Low voltage lighting systems have been well known for a number of years and have been used for decorations of buildings, illumination of steps, and the like. In such installations the lighting system is installed and secured within the structures after the structures have been built. One such system is shown in U.S. Pat. No. 4,143,411 issued Mar. 6, 1979. In this system, which is primarily designed for illuminating stairways, the lighting system is permanently secured within an area beneath the overhanging edge of each step, with the steps specifically constructed so as to accommodate the lighting apparatus. As will be obvious, this particular apparatus is quite labor intensive in that it is designed solely for installations in buildings and the like after the structure is completed.

The present invention is not directed to permanent lighting installations within buildings, but is directed to a unique means for lighting stepping stones which are used primarily around the exterior buildings or within interior gardens, landscapes and the like. These stones are normally set within the ground area.

Further, the stepping stones are manufactured such that the low voltage lighting elements are placed within the stones after they are manufactured and are easily removable for repair or replacement.

SUMMARY OF THE INVENTION

The present invention provides a low voltage lighting system which comprises at least one stepping stone, and preferably a series of stepping stones, with each stepping stone having at least one recessed channel in the upper face thereof and a removable light source inserted within the recessed channel with the light source comprising a flexible, substantially transparent tube and low voltage lights within the tube. The invention also includes means for connecting the light source to a power source in a selective or predetermined manner.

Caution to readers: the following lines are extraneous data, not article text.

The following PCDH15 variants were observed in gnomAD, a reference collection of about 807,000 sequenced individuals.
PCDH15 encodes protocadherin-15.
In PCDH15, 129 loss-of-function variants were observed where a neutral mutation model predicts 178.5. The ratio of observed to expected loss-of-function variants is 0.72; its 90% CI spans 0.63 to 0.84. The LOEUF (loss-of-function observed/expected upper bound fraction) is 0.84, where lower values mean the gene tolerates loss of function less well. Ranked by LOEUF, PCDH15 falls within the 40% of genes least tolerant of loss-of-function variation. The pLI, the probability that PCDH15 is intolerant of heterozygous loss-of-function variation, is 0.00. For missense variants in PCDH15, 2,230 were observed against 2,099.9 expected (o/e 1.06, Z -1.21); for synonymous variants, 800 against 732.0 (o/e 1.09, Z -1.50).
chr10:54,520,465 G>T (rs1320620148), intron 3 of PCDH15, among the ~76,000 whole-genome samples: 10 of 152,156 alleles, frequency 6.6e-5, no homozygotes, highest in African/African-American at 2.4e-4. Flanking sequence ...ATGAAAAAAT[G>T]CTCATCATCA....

BRIEF DESCRIPTION OF THE DRAWINGS

FIG. 1 is a perspective view of a typical outdoor setting employing the illuminated stepping stones of the present invention;

FIG. 2 is a plan view of one embodiment of a stepping stone made in accordance with the present invention;

FIG. 3 is a partial cross-sectional view taken along the lines 3--3 of FIG. 2;

FIG. 4 is a bottom view of the stone of FIG. 2 illustrating the cavity location for the electrical outlet box;

FIG. 5 is a schematic illustration of a wiring system for use with multiple installation of the stones of the present invention;

FIG. 6 is a schematic diagram of one means for connecting the lights to a power source;

FIG. 7 is another embodiment of the wiring diagram of FIG. 6; and

FIGS. 8-20 are plan views of various geometric configurations which may be used as stepping stones in the present invention.

DETAILED DESCRIPTION OF THE INVENTION

It should be noted that in the following description like items are given like numbers in the drawings.

It is further noted that the term "stepping stone" is used in a generic sense in that it can be constructed of any material which is sufficiently rigid to act as a stepping stone. Such materials include formed concrete, plastic, fiberglass, wood, and certain metals.

Turning now to FIG. 1, there is illustrated a typical installation wherein stones of the present invention are used. A grass area is depicted wherein a plurality of stepping stones 10 are randomly placed in a park-like area which is depicted as having a bench 12. As can be seen from FIG. 1, not only is illumination provided, but an aesthetically pleasant landscape area results from the use of the stepping stones.

FIG. 2 is a plan view of one embodiment of a stepping stone which may be used with the present invention. In this particular configuration, a single stepping stone 10 includes recessed channel 14 with the illuminating lights 20 being placed therein, as will be described in further detail. Power for these lights is provided through electrical leads 21.